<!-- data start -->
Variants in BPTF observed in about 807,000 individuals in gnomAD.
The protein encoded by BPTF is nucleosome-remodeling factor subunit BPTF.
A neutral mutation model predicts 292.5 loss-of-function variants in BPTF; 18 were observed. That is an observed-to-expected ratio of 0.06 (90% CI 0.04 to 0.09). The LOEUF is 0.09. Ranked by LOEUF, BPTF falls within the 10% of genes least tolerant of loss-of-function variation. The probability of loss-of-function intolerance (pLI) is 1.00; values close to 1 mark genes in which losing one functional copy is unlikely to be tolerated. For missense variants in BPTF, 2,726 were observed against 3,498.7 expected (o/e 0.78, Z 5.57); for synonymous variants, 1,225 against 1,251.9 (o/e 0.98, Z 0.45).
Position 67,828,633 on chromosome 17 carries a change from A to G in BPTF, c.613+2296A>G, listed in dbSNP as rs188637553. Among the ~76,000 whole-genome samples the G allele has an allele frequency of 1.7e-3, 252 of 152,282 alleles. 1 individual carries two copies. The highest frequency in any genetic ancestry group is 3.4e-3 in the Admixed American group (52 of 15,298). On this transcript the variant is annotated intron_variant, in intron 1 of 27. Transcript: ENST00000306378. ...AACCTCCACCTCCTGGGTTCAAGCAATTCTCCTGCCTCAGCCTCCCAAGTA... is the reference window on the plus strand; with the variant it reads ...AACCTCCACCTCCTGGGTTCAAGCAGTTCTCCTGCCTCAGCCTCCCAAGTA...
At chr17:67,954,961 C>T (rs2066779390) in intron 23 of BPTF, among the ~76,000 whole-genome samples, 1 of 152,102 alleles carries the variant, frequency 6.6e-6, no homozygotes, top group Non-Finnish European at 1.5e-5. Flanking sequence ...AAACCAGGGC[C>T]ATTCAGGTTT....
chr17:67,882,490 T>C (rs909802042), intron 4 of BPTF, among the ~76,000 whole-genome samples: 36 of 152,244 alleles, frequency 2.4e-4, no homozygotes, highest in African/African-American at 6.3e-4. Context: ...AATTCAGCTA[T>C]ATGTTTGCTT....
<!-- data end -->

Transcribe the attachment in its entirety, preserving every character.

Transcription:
Variants in BPTF observed in about 807,000 individuals in gnomAD.
The protein encoded by BPTF is nucleosome-remodeling factor subunit BPTF.
A neutral mutation model predicts 292.5 loss-of-function variants in BPTF; 18 were observed. That is an observed-to-expected ratio of 0.06 (90% CI 0.04 to 0.09). The LOEUF is 0.09. Ranked by LOEUF, BPTF falls within the 10% of genes least tolerant of loss-of-function variation. The probability of loss-of-function intolerance (pLI) is 1.00; values close to 1 mark genes in which losing one functional copy is unlikely to be tolerated. For missense variants in BPTF, 2,726 were observed against 3,498.7 expected (o/e 0.78, Z 5.57); for synonymous variants, 1,225 against 1,251.9 (o/e 0.98, Z 0.45).
Position 67,828,633 on chromosome 17 carries a change from A to G in BPTF, c.613+2296A>G, listed in dbSNP as rs188637553. Among the ~76,000 whole-genome samples the G allele has an allele frequency of 1.7e-3, 252 of 152,282 alleles. 1 individual carries two copies. The highest frequency in any genetic ancestry group is 3.4e-3 in the Admixed American group (52 of 15,298). On this transcript the variant is annotated intron_variant, in intron 1 of 27. Transcript: ENST00000306378. ...AACCTCCACCTCCTGGGTTCAAGCAATTCTCCTGCCTCAGCCTCCCAAGTA... is the reference window on the plus strand; with the variant it reads ...AACCTCCACCTCCTGGGTTCAAGCAGTTCTCCTGCCTCAGCCTCCCAAGTA...
At chr17:67,954,961 C>T (rs2066779390) in intron 23 of BPTF, among the ~76,000 whole-genome samples, 1 of 152,102 alleles carries the variant, frequency 6.6e-6, no homozygotes, top group Non-Finnish European at 1.5e-5. Flanking sequence ...AAACCAGGGC[C>T]ATTCAGGTTT....
chr17:67,882,490 T>C (rs909802042), intron 4 of BPTF, among the ~76,000 whole-genome samples: 36 of 152,244 alleles, frequency 2.4e-4, no homozygotes, highest in African/African-American at 6.3e-4. Context: ...AATTCAGCTA[T>C]ATGTTTGCTT....